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The Fed’s inflation fight was a key factor in Silicon Valley Bank’s collapse, Jeremy Siegel said.
The Wharton professor warned more interest-rate hikes could cause other companies to crumble.
Siegel flagged the growing risk of recession if the Fed keeps raising rates.
Blame the spectacular collapse of Silicon Valley Bank on the Federal Reserve, Jeremy Siegel says.
“Make no mistake about one of the prime reasons for SVB’s implosion: Fed shrapnel killed this bank and may send the economy into recession in the process,” the Wharton professor said in a Fortune column he coauthored with two Yale academics, Jeffrey Sonnenfeld and Steven Tian.
Inflation spiked to 40-year highs last year, spurring the Federal Reserve to hike interest rates from nearly zero to upwards of 4.5% over the past 12 months. Higher rates increase borrowing costs and encourage saving over spending, which typically pulls down asset prices, saps demand, and increases the risk of a recession.
One of SVB’s key mistakes was investing its deposits in long-duration bonds, which plunged in price as interest rates rose. Surging rates have also weighed on the valuations and fundraising potential of lossmaking, VC-backed companies — a big chunk of SVB’s customer base.
When SVB’s customers began withdrawing their money in droves last week, the lender found itself short of cash. The Federal Deposit Insurance Corp. took control of the bank on Friday, and guaranteed SVB customers’ deposits on Sunday.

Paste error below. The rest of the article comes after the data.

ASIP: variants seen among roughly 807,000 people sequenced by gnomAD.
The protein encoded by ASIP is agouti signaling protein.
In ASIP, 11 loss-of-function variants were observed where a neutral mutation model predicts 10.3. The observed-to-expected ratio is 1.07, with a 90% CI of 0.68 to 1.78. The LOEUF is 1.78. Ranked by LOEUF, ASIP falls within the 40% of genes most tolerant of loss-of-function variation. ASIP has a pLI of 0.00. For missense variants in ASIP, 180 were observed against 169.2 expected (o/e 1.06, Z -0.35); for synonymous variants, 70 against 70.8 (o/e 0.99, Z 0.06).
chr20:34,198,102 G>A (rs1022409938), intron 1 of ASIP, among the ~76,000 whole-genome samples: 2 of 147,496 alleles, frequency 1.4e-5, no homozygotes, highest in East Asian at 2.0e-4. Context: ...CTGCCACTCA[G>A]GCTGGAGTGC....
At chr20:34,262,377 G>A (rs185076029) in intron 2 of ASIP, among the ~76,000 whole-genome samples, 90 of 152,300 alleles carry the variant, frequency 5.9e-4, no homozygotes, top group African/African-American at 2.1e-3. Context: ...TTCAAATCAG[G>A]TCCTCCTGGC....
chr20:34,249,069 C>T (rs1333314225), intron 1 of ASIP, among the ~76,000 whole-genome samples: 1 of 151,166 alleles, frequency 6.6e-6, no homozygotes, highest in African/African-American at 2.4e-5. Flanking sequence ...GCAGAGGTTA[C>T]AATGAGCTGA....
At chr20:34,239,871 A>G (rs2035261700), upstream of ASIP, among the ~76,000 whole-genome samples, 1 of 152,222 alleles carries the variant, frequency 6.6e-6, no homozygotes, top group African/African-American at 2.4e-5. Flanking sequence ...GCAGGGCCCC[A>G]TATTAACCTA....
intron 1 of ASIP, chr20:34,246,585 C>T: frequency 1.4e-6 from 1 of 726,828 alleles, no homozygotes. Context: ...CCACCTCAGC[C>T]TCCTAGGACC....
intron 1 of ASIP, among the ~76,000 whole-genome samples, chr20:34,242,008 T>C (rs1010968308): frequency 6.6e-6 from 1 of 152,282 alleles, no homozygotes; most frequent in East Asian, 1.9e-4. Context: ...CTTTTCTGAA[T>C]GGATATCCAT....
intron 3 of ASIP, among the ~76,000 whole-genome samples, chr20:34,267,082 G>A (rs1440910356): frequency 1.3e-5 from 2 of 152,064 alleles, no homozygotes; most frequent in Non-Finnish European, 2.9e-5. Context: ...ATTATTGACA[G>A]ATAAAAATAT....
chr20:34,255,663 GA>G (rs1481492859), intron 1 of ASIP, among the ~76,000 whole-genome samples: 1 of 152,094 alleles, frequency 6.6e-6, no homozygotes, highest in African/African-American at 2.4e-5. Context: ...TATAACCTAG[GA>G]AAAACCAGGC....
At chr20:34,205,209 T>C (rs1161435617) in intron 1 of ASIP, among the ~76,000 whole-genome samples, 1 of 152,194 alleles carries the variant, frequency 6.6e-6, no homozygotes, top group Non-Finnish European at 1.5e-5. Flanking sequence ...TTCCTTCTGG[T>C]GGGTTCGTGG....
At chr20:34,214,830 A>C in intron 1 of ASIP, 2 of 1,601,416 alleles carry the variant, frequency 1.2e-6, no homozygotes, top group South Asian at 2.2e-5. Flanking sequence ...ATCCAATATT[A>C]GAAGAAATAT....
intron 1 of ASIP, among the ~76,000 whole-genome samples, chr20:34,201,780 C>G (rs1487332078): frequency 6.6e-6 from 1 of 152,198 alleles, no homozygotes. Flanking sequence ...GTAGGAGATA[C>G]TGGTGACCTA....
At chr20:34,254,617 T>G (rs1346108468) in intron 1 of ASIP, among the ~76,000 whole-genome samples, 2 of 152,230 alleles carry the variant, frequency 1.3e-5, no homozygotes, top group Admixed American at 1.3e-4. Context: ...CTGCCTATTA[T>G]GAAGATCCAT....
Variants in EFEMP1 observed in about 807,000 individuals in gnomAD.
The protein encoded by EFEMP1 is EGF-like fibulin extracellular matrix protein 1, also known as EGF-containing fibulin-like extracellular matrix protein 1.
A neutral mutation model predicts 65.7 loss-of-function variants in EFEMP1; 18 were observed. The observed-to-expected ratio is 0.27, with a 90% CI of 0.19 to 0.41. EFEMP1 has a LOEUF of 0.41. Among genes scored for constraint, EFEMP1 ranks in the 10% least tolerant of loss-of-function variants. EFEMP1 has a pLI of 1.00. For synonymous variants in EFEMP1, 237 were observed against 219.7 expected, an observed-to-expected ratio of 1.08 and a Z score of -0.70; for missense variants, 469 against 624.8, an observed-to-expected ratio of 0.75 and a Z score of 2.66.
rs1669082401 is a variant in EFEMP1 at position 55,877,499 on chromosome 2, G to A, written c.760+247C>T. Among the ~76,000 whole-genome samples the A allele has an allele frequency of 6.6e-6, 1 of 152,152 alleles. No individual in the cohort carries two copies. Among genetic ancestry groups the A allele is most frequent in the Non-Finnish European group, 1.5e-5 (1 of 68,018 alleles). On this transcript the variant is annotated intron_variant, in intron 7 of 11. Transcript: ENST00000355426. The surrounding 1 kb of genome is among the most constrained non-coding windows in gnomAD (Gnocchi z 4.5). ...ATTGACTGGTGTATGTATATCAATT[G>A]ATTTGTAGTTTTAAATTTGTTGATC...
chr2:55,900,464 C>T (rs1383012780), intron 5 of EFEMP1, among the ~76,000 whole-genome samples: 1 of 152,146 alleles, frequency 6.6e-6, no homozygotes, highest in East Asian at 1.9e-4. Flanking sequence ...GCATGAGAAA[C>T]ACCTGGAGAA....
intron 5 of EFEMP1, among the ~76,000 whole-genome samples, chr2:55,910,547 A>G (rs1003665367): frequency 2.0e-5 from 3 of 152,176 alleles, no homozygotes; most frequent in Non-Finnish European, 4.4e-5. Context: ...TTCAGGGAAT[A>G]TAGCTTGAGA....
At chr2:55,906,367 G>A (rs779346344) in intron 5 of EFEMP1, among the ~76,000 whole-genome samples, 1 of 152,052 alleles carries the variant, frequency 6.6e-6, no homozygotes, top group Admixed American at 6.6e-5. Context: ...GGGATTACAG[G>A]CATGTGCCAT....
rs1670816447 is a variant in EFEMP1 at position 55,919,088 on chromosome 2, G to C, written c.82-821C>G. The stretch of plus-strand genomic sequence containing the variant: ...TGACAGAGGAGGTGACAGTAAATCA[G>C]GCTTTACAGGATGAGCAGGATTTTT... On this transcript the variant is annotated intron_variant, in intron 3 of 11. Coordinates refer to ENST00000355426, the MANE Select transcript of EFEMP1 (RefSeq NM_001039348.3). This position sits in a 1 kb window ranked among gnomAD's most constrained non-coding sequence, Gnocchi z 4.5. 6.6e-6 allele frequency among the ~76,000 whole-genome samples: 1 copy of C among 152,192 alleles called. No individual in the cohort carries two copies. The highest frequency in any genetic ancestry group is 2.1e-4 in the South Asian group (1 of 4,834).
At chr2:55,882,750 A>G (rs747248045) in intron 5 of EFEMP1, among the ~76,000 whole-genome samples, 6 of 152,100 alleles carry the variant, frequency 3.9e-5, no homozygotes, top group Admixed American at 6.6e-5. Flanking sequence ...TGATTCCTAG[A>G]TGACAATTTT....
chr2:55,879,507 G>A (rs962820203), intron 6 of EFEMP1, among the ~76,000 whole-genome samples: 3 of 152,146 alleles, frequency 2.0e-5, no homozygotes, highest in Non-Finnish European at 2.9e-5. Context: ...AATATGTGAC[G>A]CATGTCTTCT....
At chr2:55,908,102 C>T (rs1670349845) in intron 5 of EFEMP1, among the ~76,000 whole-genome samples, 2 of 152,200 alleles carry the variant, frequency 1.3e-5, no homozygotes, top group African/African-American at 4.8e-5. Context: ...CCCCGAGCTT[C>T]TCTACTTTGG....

“This crisis is more evidence that the Fed has gone too far and might steer the economy not just off the highway, but right off a cliff,” Siegel and his coauthors said.
They warned that if the US central bank hikes rates by 50 basis points in March, that would increase the risk of more SVB-type implosions.
“Continuing to tighten monetary policy in this environment of bank blowups and declining consumer and business confidence is a surefire recipe for disaster,” they said, adding that the Fed’s hikes have caused “collateral damage and general carnage.”
Siegel, Sonnenfeld, and Tian slammed the Fed for continuing to wage war on inflation, when they see evidence of “pervasive disinflation across virtually the entire economy.”
The trio pointed to high mortgage rates slowing construction of new houses and the prices of many commodities plunging by over 70% from their peaks last year. They also noted the sharp declines in shipping and cargo rates as consumers’ pandemic savings …read more
Source:: Business Insider